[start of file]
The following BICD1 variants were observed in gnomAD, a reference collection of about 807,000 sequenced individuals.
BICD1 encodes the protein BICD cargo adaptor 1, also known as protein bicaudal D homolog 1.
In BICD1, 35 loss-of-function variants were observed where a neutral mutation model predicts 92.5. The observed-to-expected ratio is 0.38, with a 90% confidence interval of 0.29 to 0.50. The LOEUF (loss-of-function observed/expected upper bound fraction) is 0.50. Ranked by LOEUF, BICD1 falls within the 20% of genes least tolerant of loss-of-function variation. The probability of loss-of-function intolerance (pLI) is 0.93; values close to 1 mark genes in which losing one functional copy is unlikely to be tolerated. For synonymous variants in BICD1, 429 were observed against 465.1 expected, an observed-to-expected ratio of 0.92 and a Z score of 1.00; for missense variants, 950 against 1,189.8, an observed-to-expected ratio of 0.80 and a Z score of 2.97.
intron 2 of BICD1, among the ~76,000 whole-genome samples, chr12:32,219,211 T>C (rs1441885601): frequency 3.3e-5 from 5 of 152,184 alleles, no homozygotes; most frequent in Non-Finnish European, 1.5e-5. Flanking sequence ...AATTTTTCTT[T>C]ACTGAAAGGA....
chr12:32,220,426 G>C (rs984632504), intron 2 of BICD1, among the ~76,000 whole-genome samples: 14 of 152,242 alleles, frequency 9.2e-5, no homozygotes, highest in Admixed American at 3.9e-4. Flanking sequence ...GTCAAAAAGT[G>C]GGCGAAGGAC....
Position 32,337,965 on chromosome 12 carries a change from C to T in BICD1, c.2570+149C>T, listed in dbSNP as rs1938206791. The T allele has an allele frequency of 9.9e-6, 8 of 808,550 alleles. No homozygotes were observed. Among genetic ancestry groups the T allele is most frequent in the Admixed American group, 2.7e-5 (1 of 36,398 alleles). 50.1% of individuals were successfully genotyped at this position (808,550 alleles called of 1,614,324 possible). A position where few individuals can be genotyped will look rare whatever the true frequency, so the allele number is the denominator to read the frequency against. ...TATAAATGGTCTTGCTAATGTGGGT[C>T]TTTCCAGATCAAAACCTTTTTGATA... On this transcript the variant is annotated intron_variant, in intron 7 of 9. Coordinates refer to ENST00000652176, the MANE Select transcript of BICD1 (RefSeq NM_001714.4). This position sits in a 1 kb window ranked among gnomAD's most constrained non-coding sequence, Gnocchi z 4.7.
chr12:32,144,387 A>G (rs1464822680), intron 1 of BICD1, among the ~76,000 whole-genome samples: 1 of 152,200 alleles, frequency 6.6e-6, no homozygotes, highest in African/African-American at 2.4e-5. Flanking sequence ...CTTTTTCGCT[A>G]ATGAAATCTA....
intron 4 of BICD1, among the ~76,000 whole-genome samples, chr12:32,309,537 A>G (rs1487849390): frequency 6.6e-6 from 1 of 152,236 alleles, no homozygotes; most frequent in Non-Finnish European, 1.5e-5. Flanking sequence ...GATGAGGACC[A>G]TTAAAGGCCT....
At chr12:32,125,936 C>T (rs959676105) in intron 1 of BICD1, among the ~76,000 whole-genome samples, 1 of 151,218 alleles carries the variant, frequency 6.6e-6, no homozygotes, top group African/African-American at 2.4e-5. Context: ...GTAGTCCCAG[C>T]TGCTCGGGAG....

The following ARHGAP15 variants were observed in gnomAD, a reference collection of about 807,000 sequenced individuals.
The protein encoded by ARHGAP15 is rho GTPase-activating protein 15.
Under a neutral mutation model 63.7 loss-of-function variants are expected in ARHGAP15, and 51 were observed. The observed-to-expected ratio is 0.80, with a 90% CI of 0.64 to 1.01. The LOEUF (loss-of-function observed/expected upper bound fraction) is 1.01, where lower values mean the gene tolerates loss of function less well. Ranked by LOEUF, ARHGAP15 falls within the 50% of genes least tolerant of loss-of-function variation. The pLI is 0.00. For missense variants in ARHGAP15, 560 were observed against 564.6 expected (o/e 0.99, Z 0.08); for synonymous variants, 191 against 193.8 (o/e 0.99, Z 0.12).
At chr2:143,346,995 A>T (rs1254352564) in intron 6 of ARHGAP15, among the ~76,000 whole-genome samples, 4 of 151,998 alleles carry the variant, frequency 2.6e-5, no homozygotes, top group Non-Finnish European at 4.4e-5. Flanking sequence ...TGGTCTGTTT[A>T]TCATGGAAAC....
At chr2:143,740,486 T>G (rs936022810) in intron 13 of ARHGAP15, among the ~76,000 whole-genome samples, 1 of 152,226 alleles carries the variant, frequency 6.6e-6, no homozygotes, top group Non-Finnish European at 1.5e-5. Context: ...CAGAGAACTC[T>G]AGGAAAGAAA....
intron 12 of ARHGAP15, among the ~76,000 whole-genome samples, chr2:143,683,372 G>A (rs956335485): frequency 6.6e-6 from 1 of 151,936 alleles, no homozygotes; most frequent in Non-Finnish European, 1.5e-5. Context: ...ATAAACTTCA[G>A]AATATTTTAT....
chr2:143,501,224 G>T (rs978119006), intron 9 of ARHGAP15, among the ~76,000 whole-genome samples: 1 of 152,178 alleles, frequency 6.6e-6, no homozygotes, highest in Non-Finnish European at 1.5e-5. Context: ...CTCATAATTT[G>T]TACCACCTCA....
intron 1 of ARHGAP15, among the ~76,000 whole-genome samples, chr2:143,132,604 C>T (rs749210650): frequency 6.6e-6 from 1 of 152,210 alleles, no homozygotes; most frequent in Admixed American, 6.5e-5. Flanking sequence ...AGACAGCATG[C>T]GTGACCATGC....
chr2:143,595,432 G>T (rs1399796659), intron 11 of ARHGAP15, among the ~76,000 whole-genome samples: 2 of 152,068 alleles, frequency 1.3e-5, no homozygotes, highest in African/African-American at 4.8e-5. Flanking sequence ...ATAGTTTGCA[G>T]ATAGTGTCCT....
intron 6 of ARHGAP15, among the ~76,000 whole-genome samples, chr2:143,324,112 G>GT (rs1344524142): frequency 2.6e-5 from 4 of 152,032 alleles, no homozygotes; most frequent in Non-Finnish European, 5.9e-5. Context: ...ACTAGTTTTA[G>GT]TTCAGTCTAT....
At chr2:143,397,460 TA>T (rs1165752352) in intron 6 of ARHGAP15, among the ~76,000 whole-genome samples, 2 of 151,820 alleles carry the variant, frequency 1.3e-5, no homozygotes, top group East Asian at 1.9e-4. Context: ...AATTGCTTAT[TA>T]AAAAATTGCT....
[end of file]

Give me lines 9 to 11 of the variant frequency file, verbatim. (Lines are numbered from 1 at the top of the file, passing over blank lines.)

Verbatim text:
At chr12:32,125,936 C>T (rs959676105) in intron 1 of BICD1, among the ~76,000 whole-genome samples, 1 of 151,218 alleles carries the variant, frequency 6.6e-6, no homozygotes, top group African/African-American at 2.4e-5. Context: ...GTAGTCCCAG[C>T]TGCTCGGGAG....

The following ARHGAP15 variants were observed in gnomAD, a reference collection of about 807,000 sequenced individuals.
The protein encoded by ARHGAP15 is rho GTPase-activating protein 15.